ON APPEAL FROM THE UNITED STATES DISTRICT COURT FOR THE WESTERN DISTRICT OF PENNSYLVANIA
Before: GIBBONS, HIGGINBOTHAM and BECKER, Circuit Judges
Carl B. Benson's appeal from a judgment of sentence following his conviction for Mail Fraud and Securities Fraud presents the question, of first impression in this court, whether in prosecutions for violation of 18 U.S.C. §§ 1341,2 and 15 U.S.C. §§ 77q(a) and 77x it is proper to charge that the specific intent to deceive may be found from a material misstatement of fact made with reckless disregard of the facts. We affirm.
The court instructed that reckless indifference is the equivalent of intention misrepresentation "because you may not recklessly represent something as true which is not true even if you don't know it if the fact you don't know it is due to reckless conduct on your part." The instruction continued:
a fraudulent intent is necessary to sustain the charge of a scheme to defraud. An untrue statement or representation which is in fact false only amounts to fraud if the defendant making it either knew the statement to be false and he made it, made the statement with the intent to defraud, or, as I have said, these things were due to recklessness on his part.
The court also carefully distinguished between conduct which is reckless and conduct which is merely negligent.
Benson objected to the reference to recklessness, contending that its inclusion had the effect of reducing the specific intent required for proof of mail fraud or securities fraud. The district court rejected that contention, and we do so also.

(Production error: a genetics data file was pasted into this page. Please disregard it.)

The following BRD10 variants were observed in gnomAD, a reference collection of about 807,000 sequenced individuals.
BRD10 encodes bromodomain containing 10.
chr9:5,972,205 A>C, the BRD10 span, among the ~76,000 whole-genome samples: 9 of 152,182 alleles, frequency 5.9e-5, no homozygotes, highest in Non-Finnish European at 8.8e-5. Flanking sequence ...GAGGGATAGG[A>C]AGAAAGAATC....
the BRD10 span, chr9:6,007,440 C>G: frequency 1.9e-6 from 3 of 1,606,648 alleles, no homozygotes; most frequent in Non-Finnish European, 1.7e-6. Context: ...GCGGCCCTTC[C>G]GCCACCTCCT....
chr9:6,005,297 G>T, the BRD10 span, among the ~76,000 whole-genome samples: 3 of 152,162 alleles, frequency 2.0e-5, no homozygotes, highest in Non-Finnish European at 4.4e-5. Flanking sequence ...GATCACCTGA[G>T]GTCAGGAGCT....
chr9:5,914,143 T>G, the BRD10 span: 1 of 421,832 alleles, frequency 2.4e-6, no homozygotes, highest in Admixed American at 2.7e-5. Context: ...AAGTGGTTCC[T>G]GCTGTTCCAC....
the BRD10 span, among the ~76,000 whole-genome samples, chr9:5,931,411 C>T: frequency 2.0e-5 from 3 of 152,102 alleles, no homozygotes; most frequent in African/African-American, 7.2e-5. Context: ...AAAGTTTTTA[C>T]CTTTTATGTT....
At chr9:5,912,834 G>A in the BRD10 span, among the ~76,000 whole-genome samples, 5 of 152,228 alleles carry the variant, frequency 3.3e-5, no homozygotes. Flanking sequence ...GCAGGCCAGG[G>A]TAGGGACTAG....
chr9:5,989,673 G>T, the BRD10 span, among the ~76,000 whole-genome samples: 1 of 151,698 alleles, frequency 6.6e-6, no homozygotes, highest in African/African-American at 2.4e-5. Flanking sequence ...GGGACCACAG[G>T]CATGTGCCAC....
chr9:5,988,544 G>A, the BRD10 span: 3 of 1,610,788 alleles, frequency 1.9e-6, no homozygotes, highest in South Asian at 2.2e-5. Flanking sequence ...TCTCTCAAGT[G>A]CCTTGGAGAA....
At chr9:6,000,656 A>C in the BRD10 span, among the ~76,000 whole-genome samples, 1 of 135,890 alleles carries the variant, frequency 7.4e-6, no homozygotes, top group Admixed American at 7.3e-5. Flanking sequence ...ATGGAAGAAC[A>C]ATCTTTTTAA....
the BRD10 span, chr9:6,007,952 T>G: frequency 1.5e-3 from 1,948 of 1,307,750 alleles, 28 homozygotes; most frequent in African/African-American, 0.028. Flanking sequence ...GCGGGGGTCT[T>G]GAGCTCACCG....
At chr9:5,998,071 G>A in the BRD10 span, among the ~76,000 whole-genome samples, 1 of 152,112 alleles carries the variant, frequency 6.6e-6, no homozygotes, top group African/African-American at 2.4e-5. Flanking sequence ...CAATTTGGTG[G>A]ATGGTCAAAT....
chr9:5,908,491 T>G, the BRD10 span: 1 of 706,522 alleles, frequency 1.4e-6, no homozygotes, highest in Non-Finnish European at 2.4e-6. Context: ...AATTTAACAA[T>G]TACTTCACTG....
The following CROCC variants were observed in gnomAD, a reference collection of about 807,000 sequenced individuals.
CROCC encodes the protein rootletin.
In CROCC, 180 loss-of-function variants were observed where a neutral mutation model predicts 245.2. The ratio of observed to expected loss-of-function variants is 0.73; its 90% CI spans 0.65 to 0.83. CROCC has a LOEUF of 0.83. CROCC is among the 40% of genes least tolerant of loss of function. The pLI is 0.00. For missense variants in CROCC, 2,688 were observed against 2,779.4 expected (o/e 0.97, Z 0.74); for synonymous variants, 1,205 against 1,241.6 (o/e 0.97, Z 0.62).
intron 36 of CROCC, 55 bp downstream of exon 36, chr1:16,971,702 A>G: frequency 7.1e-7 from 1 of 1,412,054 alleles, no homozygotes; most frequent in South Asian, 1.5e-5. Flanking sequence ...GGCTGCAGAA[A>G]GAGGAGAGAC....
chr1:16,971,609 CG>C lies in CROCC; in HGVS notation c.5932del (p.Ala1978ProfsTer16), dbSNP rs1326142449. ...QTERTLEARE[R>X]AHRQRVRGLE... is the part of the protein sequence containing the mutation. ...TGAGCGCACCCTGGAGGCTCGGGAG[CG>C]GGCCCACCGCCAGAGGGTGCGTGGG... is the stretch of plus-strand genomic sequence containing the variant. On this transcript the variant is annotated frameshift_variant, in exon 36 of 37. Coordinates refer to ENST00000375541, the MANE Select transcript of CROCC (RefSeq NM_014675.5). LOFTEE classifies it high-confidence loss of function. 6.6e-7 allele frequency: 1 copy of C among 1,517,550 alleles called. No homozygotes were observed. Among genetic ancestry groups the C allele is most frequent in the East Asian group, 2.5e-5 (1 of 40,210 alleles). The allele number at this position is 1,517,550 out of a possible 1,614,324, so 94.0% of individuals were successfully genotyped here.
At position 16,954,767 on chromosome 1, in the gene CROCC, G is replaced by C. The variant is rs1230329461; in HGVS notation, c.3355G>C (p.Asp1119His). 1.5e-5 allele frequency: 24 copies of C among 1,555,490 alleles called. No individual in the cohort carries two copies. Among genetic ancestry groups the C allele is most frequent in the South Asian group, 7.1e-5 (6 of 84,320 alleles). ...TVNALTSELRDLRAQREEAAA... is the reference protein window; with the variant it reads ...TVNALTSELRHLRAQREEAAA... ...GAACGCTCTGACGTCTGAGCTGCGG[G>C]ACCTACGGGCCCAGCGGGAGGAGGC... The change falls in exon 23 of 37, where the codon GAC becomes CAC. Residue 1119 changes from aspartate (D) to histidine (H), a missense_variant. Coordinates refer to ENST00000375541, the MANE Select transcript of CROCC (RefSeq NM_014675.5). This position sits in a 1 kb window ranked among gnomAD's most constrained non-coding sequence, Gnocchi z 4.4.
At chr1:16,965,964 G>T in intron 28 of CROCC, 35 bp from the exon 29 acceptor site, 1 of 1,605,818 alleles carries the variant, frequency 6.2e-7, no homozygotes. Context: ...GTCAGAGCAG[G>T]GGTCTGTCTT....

In McLean v. Alexander, 599 F.2d 1190 (3d Cir. 1979), a civil fraud case brought pursuant to Section 10(b) of the Securities Exchange Act of 1934, 15 U.S.C. 78j(b) and Rule 10b-5, 17 C.F.R. § 240.-106-5 and under the Delaware common law of fraud, we held that the scienter required to sustain a claim under Section 10(b) included misrepresentations made knowingly or wilfully, or with reckless disregard for their truth or falsity, or without a genuine belief in their truth. The reasons for that holding are set forth at length in McLean v. Alexander, supra, and need not be repeated here. The standard of proof for civil liability in fraud is lower than the proof beyond a reasonable doubt required for a criminal conviction. But there is no reason to suppose that in enacting criminal statutes prohibiting mail fraud or securities fraud the Congress intended that the substantive element of the offense -- the scienter -- should be different than for civil liability for fraud. We conclude, therefore, that inclusion in the charge of a reference to reckless disregard of the facts was not improper. In so ruling we join those courts of appeals which have considered the question.
See United States v. Farris, 614 F.2d 634 (9th Cir. 1979), cert. denied, 447 U.S. 926, 100 S. Ct. 3022, 65 L. Ed. 2d 1120 (1980); United States v. Themy, 624 F.2d 963, 965 (10th Cir. 1980); United States v. Henderson, 446 F.2d 960, 966 (8th Cir.), cert. denied, 404 U.S. 991, 30 L. Ed. 2d 543, 92 S. Ct. 536 (1971); United States v. Frick, 588 F.2d 531, 536 (5th Cir.), cert. denied, 441 U.S. 913, 60 L. Ed. 2d 385, 99 S. Ct. 2013 (1979). Cf. United States v. Hanlon, 548 F.2d 1096, 1101 (2d Cir. 1977).
Benson also contends that the court erred in charging that "no amount of honest belief that the enterprise would ultimately make money can justify baseless, false or reckless misrepresentations or promises." Such an instruction was approved in United States v. Habel, 613 F.2d 1321, 1328 (5th Cir.), cert. denied, 447 U.S. 925, 100 S. Ct. 3018, 65 L. Ed. 2d 1117 (1980). We hold that on this record it was appropriate. Finally Benson contends that the trial court abused its discretion under Fed. R. Evid. 403 in limiting cross-examination of two government witnesses. That contension, considering the extensive cross-examination which was permitted, is on this record meritless.
The judgment appealed from will be ...